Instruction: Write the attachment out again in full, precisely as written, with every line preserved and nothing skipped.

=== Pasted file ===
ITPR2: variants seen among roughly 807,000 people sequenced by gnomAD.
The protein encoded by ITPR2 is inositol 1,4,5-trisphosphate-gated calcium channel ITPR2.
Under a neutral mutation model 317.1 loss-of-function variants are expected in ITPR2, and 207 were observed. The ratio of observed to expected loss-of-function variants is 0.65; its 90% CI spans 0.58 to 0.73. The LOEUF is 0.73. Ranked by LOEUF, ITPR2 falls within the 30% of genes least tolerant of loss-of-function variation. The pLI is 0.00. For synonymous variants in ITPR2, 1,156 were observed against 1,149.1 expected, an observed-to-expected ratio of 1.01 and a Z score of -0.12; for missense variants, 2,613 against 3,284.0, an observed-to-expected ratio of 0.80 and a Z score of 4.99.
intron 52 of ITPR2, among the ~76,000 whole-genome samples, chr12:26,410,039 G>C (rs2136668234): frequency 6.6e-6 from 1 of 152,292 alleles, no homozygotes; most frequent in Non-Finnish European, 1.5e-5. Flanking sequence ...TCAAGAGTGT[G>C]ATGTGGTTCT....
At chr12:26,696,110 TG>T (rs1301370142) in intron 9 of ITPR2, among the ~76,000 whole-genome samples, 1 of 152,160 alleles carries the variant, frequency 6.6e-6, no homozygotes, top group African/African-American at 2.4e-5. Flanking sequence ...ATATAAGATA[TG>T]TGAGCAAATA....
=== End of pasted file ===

ITPR2: variants seen among roughly 807,000 people sequenced by gnomAD.
The protein encoded by ITPR2 is inositol 1,4,5-trisphosphate-gated calcium channel ITPR2.
Under a neutral mutation model 317.1 loss-of-function variants are expected in ITPR2, and 207 were observed. The ratio of observed to expected loss-of-function variants is 0.65; its 90% CI spans 0.58 to 0.73. The LOEUF is 0.73. Ranked by LOEUF, ITPR2 falls within the 30% of genes least tolerant of loss-of-function variation. The pLI is 0.00. For synonymous variants in ITPR2, 1,156 were observed against 1,149.1 expected, an observed-to-expected ratio of 1.01 and a Z score of -0.12; for missense variants, 2,613 against 3,284.0, an observed-to-expected ratio of 0.80 and a Z score of 4.99.
intron 52 of ITPR2, among the ~76,000 whole-genome samples, chr12:26,410,039 G>C (rs2136668234): frequency 6.6e-6 from 1 of 152,292 alleles, no homozygotes; most frequent in Non-Finnish European, 1.5e-5. Flanking sequence ...TCAAGAGTGT[G>C]ATGTGGTTCT....
At chr12:26,696,110 TG>T (rs1301370142) in intron 9 of ITPR2, among the ~76,000 whole-genome samples, 1 of 152,160 alleles carries the variant, frequency 6.6e-6, no homozygotes, top group African/African-American at 2.4e-5. Flanking sequence ...ATATAAGATA[TG>T]TGAGCAAATA....